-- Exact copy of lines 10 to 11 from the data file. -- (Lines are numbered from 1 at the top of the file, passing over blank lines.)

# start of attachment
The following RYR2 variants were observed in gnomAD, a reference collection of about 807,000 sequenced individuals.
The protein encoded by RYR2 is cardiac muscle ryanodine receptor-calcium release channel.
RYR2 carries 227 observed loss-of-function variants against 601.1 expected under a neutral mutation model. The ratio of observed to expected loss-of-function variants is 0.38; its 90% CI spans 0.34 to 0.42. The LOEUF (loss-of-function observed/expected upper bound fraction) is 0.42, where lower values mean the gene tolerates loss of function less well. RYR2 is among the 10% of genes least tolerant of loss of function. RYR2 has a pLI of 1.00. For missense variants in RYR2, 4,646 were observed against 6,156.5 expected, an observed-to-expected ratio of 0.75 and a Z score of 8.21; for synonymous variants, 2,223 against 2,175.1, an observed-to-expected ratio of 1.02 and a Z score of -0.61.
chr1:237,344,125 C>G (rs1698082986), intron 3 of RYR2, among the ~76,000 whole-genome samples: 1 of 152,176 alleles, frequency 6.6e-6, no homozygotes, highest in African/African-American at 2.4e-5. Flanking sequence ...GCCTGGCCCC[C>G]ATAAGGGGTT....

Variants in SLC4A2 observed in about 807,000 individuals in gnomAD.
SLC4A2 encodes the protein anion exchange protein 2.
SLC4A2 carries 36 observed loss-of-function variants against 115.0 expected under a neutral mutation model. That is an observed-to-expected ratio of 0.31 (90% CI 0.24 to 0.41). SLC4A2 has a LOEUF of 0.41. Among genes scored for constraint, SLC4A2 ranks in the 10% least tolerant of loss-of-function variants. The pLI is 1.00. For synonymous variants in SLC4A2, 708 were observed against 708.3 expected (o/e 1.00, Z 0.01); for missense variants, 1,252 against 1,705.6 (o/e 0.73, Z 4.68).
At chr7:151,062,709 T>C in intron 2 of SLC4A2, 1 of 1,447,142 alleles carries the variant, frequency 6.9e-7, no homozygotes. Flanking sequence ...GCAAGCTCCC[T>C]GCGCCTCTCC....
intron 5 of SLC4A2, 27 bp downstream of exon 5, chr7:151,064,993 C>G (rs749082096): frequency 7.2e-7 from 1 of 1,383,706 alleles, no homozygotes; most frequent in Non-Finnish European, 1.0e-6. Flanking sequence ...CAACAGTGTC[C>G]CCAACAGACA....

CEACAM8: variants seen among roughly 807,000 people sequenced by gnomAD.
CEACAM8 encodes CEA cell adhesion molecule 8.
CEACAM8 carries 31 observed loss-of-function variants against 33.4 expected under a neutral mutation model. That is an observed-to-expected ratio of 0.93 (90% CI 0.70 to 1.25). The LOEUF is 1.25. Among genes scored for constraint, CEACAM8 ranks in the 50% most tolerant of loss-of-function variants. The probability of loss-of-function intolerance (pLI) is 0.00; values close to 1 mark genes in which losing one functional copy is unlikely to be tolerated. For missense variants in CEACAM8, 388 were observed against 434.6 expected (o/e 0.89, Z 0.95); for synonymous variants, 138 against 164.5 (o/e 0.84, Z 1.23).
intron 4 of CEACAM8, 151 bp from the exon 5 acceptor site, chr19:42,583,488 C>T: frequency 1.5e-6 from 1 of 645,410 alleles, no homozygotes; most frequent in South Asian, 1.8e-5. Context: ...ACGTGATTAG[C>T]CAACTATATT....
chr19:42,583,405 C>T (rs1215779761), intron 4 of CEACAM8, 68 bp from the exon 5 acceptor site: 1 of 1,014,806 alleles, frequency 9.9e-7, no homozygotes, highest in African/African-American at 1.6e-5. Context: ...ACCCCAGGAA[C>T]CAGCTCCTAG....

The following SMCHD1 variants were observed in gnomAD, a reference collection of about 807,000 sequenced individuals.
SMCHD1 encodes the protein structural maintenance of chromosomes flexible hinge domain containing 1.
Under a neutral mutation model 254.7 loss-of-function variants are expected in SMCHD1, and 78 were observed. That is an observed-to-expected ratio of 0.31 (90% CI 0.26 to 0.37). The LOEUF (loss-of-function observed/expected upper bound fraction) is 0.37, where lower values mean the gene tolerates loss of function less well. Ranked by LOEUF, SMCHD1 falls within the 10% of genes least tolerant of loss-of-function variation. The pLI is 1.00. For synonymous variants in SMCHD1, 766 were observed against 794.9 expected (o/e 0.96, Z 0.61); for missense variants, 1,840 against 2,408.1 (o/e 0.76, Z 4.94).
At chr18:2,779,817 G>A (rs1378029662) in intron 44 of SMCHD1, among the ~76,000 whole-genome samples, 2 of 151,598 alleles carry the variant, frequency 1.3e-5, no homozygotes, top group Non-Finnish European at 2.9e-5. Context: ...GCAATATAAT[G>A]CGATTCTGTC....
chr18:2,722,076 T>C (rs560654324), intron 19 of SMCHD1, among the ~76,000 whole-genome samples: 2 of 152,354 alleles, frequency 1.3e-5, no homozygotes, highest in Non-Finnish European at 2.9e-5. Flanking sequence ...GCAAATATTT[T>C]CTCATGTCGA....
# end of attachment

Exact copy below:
CEACAM8: variants seen among roughly 807,000 people sequenced by gnomAD.
CEACAM8 encodes CEA cell adhesion molecule 8.